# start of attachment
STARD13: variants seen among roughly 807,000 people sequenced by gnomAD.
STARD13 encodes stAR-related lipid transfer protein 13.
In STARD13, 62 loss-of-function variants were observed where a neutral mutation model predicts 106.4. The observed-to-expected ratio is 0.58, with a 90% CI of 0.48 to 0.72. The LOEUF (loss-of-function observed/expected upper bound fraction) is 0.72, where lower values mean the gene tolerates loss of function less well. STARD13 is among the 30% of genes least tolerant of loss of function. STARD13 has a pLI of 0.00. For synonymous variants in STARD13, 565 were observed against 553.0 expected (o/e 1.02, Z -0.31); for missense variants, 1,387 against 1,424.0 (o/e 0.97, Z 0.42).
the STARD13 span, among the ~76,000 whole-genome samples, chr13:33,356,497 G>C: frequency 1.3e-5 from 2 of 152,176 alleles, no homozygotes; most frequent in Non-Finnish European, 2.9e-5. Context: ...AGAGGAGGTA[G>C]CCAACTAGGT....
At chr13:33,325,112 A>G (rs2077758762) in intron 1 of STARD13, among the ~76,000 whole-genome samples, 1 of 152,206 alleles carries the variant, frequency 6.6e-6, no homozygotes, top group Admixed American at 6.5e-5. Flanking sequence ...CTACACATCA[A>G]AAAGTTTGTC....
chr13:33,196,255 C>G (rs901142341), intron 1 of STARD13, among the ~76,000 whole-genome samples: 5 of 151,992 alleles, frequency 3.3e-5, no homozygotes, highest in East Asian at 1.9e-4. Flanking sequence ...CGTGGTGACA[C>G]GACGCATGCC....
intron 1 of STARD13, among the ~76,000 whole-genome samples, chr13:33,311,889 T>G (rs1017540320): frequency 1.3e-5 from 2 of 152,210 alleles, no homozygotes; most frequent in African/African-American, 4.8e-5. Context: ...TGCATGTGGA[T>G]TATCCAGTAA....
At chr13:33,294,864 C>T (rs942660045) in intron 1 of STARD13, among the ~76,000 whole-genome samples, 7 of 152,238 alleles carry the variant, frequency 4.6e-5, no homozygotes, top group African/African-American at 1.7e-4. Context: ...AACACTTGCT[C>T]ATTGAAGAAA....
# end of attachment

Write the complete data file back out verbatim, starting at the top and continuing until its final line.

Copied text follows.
STARD13: variants seen among roughly 807,000 people sequenced by gnomAD.
STARD13 encodes stAR-related lipid transfer protein 13.
In STARD13, 62 loss-of-function variants were observed where a neutral mutation model predicts 106.4. The observed-to-expected ratio is 0.58, with a 90% CI of 0.48 to 0.72. The LOEUF (loss-of-function observed/expected upper bound fraction) is 0.72, where lower values mean the gene tolerates loss of function less well. STARD13 is among the 30% of genes least tolerant of loss of function. STARD13 has a pLI of 0.00. For synonymous variants in STARD13, 565 were observed against 553.0 expected (o/e 1.02, Z -0.31); for missense variants, 1,387 against 1,424.0 (o/e 0.97, Z 0.42).
the STARD13 span, among the ~76,000 whole-genome samples, chr13:33,356,497 G>C: frequency 1.3e-5 from 2 of 152,176 alleles, no homozygotes; most frequent in Non-Finnish European, 2.9e-5. Context: ...AGAGGAGGTA[G>C]CCAACTAGGT....
At chr13:33,325,112 A>G (rs2077758762) in intron 1 of STARD13, among the ~76,000 whole-genome samples, 1 of 152,206 alleles carries the variant, frequency 6.6e-6, no homozygotes, top group Admixed American at 6.5e-5. Flanking sequence ...CTACACATCA[A>G]AAAGTTTGTC....
chr13:33,196,255 C>G (rs901142341), intron 1 of STARD13, among the ~76,000 whole-genome samples: 5 of 151,992 alleles, frequency 3.3e-5, no homozygotes, highest in East Asian at 1.9e-4. Flanking sequence ...CGTGGTGACA[C>G]GACGCATGCC....
intron 1 of STARD13, among the ~76,000 whole-genome samples, chr13:33,311,889 T>G (rs1017540320): frequency 1.3e-5 from 2 of 152,210 alleles, no homozygotes; most frequent in African/African-American, 4.8e-5. Context: ...TGCATGTGGA[T>G]TATCCAGTAA....
At chr13:33,294,864 C>T (rs942660045) in intron 1 of STARD13, among the ~76,000 whole-genome samples, 7 of 152,238 alleles carry the variant, frequency 4.6e-5, no homozygotes, top group African/African-American at 1.7e-4. Context: ...AACACTTGCT[C>T]ATTGAAGAAA....